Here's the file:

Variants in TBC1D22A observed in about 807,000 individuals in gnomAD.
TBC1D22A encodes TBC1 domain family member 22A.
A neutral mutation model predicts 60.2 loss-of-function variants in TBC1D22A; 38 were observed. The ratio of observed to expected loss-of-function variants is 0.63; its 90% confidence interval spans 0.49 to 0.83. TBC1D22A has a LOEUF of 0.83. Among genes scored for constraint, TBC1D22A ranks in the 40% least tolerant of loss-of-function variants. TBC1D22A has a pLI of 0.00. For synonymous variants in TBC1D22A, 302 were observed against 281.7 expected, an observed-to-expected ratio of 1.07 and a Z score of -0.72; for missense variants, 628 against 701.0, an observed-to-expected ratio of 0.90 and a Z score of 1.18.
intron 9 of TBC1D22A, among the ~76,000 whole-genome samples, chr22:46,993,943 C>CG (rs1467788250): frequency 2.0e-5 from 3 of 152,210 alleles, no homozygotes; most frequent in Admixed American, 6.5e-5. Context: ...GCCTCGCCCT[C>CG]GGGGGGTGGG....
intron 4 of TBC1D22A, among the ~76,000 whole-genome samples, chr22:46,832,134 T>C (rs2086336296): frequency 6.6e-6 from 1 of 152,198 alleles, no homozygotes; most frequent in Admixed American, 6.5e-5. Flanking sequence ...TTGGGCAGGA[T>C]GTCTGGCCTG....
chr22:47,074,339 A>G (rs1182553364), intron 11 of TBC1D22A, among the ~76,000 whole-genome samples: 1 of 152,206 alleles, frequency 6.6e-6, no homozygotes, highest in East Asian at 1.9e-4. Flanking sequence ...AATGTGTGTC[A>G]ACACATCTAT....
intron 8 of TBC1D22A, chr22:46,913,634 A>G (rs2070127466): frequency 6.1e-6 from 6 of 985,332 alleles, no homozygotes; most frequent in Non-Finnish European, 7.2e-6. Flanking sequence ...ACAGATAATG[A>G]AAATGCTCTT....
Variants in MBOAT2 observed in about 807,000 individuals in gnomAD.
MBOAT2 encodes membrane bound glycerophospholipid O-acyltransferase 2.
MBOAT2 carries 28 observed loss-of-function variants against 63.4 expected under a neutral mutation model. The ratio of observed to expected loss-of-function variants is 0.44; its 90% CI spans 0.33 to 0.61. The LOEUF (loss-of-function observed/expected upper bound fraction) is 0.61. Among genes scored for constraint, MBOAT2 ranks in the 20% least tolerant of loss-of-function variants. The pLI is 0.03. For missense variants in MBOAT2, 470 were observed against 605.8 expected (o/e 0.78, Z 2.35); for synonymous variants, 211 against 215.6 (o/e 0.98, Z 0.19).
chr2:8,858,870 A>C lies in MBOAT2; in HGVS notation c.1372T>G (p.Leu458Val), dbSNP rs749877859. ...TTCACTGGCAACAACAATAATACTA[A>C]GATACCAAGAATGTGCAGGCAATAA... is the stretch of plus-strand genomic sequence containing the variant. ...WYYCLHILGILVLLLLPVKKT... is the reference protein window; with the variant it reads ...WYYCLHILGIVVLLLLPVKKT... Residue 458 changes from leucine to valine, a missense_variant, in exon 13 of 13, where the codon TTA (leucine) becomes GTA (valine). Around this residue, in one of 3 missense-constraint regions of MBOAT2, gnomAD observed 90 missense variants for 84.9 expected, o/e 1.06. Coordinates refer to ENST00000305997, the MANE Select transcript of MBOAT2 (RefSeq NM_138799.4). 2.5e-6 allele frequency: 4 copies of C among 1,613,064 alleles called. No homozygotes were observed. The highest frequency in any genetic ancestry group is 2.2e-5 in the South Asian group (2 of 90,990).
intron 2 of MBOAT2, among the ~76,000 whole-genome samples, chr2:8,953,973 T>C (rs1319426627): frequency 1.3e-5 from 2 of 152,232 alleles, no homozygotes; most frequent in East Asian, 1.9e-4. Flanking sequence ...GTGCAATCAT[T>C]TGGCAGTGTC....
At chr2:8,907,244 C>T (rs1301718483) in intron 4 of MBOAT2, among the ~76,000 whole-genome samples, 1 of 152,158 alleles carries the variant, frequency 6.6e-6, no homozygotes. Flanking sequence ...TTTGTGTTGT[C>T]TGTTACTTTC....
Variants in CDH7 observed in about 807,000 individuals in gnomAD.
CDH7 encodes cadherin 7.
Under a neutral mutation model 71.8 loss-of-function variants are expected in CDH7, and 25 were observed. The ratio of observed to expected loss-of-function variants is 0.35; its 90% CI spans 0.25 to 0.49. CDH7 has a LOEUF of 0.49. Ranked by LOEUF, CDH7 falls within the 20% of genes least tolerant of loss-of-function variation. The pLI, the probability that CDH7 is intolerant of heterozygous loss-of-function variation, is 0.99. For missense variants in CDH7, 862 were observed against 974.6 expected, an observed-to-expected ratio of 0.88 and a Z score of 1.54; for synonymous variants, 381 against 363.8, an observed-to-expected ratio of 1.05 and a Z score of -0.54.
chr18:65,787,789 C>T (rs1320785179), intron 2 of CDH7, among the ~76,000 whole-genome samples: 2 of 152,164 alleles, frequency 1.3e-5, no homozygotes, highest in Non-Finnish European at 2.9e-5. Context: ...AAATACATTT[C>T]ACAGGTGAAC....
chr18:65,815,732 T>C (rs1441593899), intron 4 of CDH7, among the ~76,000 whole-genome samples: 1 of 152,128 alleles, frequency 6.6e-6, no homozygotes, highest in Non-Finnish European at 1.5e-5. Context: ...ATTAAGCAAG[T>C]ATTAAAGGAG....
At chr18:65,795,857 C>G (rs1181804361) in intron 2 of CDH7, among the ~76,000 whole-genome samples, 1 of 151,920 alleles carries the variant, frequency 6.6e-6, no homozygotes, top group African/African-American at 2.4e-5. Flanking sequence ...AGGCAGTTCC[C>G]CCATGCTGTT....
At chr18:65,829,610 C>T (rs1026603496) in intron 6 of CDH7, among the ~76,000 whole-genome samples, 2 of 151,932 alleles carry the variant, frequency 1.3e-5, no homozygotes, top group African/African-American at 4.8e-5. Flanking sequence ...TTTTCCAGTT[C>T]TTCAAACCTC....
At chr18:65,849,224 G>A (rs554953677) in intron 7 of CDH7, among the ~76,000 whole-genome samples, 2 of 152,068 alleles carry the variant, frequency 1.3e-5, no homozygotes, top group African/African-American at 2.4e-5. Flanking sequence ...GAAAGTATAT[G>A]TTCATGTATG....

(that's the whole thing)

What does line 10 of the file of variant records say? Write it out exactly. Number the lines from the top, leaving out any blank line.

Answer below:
MBOAT2 carries 28 observed loss-of-function variants against 63.4 expected under a neutral mutation model. The ratio of observed to expected loss-of-function variants is 0.44; its 90% CI spans 0.33 to 0.61. The LOEUF (loss-of-function observed/expected upper bound fraction) is 0.61. Among genes scored for constraint, MBOAT2 ranks in the 20% least tolerant of loss-of-function variants. The pLI is 0.03. For missense variants in MBOAT2, 470 were observed against 605.8 expected (o/e 0.78, Z 2.35); for synonymous variants, 211 against 215.6 (o/e 0.98, Z 0.19).